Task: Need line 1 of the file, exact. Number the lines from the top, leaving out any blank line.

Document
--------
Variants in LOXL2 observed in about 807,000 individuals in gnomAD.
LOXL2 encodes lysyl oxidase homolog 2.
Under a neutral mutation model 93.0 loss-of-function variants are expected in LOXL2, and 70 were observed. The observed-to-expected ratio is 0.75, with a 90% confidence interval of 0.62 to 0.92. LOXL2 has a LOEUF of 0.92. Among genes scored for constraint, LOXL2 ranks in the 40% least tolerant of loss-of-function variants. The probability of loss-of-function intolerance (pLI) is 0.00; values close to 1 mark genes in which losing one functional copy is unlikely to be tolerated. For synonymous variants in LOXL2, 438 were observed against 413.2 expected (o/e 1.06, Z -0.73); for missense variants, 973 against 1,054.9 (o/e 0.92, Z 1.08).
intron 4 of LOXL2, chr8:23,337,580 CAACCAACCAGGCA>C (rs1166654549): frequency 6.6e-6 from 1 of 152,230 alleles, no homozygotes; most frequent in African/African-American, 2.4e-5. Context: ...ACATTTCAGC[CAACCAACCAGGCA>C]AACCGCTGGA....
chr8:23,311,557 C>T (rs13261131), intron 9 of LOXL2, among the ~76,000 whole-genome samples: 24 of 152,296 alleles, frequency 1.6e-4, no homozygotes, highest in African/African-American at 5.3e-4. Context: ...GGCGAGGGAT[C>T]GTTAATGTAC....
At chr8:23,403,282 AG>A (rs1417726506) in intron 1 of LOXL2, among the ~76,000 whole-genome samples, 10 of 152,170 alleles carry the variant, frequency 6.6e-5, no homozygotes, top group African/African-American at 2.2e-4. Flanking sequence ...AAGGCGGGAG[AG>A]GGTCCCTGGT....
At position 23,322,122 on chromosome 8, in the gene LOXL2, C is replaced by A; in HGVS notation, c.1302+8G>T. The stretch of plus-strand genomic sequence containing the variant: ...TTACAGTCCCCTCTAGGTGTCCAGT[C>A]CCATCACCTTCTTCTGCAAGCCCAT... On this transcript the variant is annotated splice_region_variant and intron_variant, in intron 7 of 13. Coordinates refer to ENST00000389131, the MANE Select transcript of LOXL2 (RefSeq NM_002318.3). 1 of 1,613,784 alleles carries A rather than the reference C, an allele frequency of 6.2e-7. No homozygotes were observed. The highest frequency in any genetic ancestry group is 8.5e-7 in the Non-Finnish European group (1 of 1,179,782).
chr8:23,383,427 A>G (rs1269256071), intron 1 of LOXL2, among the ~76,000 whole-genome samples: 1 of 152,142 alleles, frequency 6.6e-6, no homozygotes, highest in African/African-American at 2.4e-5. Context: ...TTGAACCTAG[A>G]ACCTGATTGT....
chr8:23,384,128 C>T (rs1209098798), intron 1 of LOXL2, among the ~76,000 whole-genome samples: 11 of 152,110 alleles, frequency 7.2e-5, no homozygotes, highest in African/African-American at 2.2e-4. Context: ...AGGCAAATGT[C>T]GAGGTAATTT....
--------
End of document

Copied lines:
Variants in LOXL2 observed in about 807,000 individuals in gnomAD.